ST. LOUIS (AP) — The food truck that travels around the St. Louis area is known for its sweets — gooey butter bars, rocky road cupcakes.
In fact, it serves a higher purpose — providing job training for people with head injuries and disorders such as autism.
The St. Louis Post-Dispatch officials at the Center for Head Injury Services came up with the idea after the economy soured in 2008. The economic collapse made it even more difficult to find work for those with disabilities.
“So we decided to take matters into our own hands and create jobs,” the nonprofit’s Donna Gunning said. “Some people could pre-measure things, others might mix frosting or be good at the decorative part.”
Gunning opted for a food truck, and Destination Desserts was the result.
The nonprofit business began in 2012 with help from grants from the Kessler Foundation and Developmental Disabilities Resources. It sold 15,000 dozen cookies to corporations and others that first winter.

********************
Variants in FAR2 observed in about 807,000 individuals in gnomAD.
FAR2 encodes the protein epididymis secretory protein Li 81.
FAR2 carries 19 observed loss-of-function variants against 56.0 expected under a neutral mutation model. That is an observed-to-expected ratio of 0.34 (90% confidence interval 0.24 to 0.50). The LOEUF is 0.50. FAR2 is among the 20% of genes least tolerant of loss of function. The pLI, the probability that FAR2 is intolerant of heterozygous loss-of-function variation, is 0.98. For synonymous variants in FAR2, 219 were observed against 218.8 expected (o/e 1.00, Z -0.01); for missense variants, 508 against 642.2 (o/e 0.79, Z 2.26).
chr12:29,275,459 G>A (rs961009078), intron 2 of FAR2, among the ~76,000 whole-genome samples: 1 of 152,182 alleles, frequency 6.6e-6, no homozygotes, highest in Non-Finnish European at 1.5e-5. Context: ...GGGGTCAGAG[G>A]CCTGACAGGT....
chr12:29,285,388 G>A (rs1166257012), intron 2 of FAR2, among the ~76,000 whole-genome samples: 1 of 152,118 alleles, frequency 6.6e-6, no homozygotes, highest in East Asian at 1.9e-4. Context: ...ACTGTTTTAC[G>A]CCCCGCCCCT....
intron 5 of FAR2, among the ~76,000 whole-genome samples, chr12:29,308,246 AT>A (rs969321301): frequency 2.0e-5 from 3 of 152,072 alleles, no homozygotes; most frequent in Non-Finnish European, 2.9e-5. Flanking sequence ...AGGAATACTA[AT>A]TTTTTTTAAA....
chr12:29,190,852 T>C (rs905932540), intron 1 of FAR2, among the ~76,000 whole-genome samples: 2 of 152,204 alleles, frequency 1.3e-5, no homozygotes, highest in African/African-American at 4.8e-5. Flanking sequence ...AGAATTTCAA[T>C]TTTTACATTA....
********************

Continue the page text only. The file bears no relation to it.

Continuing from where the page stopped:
About a year ago the food truck actually hit the streets. The truck, retrofitted with a galley kitchen, is bright pink and decorated with drawings of cupcakes and cookies.
Laura Schweitzer, 30, who was injured in a shooting, once planned to be a language teacher. She now has found satisfaction decorating specialty sugar cookies.
Schweitzer wasn’t able to work quickly enough to keep a private-sector job, she said. She’s been at Destination Desserts since October.
“When my other job let me go, it was devastating for me,” she said. “Here I create some of the designs and decorate with much greater freedom.”
Destination Desserts had $68,000 in sales last year, and is on pace for $105,000 in 2014, program director Denise Samuels said.
The goal, Samuels said, is to train the disabled so they could graduate to private-sector jobs.
So far, two workers have moved on, one to culinary school.
“I would love for that to happen more often, because we want to affect more people’s lives,” she said.